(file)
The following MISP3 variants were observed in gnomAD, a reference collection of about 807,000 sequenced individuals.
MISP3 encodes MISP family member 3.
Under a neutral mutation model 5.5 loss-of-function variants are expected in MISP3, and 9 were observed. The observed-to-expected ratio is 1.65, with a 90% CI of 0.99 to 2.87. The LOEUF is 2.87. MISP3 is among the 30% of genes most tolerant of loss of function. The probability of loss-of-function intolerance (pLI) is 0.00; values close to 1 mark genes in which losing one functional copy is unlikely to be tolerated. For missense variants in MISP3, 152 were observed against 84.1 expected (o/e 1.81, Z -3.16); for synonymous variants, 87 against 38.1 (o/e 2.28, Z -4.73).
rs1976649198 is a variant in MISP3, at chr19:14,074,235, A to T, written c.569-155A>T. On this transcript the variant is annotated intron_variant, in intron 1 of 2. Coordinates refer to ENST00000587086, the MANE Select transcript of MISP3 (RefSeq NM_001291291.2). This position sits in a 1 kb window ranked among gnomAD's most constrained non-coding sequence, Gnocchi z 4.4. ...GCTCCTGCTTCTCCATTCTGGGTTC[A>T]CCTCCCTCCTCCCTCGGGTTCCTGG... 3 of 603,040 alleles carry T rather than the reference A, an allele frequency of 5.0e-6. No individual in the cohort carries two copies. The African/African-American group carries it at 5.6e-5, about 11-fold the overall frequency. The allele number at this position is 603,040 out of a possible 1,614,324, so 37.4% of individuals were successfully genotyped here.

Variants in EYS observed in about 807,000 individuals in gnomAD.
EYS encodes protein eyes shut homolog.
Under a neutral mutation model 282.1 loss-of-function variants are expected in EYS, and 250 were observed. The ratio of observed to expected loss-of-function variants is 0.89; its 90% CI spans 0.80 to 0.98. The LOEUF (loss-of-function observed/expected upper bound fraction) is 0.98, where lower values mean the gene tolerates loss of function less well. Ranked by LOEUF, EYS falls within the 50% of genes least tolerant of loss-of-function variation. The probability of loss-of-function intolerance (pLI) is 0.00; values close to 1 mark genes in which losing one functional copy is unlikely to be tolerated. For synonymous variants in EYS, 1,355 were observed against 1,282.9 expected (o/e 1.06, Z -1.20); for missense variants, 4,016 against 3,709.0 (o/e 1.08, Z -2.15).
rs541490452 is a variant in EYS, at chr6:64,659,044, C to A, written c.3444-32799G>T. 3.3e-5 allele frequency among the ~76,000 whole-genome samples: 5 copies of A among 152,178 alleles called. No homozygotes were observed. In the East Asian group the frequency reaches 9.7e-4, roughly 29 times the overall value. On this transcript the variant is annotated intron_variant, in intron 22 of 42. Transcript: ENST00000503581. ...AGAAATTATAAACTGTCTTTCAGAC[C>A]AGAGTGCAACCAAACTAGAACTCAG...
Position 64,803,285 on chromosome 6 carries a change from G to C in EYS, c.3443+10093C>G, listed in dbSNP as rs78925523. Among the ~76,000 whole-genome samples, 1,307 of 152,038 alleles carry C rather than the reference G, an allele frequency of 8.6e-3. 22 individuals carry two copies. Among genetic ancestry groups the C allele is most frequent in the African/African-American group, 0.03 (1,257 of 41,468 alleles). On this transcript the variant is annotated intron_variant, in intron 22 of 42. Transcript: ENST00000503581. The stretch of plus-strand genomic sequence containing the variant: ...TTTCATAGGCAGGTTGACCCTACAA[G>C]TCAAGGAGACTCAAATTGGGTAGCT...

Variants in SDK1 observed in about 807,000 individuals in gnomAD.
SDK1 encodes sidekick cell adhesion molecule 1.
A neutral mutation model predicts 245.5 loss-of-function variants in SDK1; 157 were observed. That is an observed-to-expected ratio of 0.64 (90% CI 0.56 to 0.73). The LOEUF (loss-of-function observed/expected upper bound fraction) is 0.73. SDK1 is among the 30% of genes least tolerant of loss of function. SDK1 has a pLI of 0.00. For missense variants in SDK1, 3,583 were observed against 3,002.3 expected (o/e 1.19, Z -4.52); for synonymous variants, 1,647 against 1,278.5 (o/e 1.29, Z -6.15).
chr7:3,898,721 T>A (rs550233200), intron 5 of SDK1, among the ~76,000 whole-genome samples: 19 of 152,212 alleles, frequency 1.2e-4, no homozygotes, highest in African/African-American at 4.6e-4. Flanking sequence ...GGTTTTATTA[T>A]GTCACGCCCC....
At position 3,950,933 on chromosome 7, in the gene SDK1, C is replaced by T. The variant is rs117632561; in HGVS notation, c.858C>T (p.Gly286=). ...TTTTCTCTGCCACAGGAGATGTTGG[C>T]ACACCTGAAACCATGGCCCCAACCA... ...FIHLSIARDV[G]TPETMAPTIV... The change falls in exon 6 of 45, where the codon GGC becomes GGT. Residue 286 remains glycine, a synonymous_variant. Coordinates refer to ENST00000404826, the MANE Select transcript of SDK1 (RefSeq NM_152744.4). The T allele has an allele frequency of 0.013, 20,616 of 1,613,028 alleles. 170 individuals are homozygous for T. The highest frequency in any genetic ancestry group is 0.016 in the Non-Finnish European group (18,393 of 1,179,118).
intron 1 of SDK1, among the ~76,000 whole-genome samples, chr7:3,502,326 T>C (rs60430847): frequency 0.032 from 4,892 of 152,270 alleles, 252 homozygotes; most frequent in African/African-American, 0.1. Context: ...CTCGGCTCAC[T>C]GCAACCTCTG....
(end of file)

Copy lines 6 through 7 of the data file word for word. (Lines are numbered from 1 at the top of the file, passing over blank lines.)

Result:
EYS encodes protein eyes shut homolog.
Under a neutral mutation model 282.1 loss-of-function variants are expected in EYS, and 250 were observed. The ratio of observed to expected loss-of-function variants is 0.89; its 90% CI spans 0.80 to 0.98. The LOEUF (loss-of-function observed/expected upper bound fraction) is 0.98, where lower values mean the gene tolerates loss of function less well. Ranked by LOEUF, EYS falls within the 50% of genes least tolerant of loss-of-function variation. The probability of loss-of-function intolerance (pLI) is 0.00; values close to 1 mark genes in which losing one functional copy is unlikely to be tolerated. For synonymous variants in EYS, 1,355 were observed against 1,282.9 expected (o/e 1.06, Z -1.20); for missense variants, 4,016 against 3,709.0 (o/e 1.08, Z -2.15).